When Lithuania became the Soviet Republic in 1940, the country had little industry but an agriculture capable of exporting. In the years following World War II, industry was rapidly built, infrastructure developed and educational institutions established, but the country struggled with the inefficiencies of the Soviet economic system. In 1990, gross domestic product (GDP) in Lithuania was USD 8591, while for the Soviet Union as a whole it was USD 6871.

Lithuania had a strong growth economy in the 2000s until the crisis in 2008. Between 2000 and 2008, GDP increased by 77 per cent. The financial crisis in 2008-2009 caused Lithuania’s GDP to fall dramatically by 14.7 per cent in 2009. The massive labor migration since joining the EU in 2004 has created problems with access to professionals.

Lithuania’s industry is important for both jobs and exports. Food processing and the furniture industry are major industries. Lithuania has succeeded in attracting some IT companies. The largest company in terms of turnover is Orlen Lietuva, which operates the Baltic’s only oil refinery (in Mažeikiai). The largest employer is the hypermarket chain Maxima with over 17,000 employees.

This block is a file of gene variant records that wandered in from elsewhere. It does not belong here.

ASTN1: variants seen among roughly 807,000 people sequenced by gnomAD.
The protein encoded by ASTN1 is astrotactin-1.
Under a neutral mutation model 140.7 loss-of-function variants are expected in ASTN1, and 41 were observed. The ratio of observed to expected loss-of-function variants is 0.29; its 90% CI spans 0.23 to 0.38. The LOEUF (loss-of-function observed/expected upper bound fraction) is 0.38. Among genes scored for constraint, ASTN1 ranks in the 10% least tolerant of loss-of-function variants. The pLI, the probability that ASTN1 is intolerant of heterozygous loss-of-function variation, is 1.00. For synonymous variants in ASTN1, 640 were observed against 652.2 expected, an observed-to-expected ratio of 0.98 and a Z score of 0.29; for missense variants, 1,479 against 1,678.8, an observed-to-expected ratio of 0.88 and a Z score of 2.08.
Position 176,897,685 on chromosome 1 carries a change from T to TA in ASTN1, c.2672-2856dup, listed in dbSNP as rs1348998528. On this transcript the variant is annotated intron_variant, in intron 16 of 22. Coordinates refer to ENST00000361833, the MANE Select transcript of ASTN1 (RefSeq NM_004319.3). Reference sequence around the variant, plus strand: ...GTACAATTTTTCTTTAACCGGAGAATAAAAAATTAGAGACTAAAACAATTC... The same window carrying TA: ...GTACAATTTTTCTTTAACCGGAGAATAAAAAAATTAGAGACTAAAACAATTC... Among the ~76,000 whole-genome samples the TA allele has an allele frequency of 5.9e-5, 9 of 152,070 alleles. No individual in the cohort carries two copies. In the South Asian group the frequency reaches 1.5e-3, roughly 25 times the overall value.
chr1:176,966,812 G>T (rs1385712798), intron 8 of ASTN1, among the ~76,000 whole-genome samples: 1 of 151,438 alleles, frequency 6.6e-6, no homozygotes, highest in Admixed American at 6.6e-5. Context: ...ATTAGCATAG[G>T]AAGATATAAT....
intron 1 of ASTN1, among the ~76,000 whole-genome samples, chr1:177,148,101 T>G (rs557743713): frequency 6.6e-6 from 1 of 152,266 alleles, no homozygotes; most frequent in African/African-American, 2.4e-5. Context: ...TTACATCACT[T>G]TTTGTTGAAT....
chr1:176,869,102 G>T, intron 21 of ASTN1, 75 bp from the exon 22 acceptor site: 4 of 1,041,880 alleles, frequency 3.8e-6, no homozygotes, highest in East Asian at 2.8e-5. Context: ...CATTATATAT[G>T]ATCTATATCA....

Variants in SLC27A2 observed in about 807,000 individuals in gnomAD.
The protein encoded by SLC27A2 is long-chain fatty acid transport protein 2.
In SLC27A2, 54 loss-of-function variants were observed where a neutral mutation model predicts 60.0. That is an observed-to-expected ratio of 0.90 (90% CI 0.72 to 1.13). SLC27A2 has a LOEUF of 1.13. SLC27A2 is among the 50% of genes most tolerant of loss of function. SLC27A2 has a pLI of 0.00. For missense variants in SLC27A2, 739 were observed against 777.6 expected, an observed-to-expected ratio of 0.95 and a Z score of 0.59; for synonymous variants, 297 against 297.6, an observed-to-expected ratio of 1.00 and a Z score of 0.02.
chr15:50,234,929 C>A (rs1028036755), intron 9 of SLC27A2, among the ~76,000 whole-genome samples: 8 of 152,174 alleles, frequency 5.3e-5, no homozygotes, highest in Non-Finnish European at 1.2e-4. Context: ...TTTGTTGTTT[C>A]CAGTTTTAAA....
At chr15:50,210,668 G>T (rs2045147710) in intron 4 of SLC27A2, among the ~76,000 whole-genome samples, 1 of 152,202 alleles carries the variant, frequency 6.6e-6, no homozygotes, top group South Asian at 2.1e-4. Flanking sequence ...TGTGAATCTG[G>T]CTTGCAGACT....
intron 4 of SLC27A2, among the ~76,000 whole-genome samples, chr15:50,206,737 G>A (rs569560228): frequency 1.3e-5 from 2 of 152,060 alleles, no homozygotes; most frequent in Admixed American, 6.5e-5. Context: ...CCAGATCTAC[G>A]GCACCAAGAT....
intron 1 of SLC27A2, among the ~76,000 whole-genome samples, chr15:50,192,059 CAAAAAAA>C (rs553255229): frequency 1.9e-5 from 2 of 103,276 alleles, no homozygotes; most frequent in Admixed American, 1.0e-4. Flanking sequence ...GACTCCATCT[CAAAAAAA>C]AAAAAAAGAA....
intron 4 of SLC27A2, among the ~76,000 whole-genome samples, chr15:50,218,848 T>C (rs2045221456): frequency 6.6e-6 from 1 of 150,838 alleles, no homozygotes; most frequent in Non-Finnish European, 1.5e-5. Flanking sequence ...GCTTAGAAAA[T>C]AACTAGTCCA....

3.3 per cent of GDP is from agriculture, 28.5 per cent from industry and 68.3 per cent from services (2017). Agriculture employs 9.1 per cent of the unemployed, industry 25.2 per cent and services 65.8 per cent (2015).

Lithuania received the euro on 1 January 2015 to replace litas, which had been the currency since 1993.

Lithuania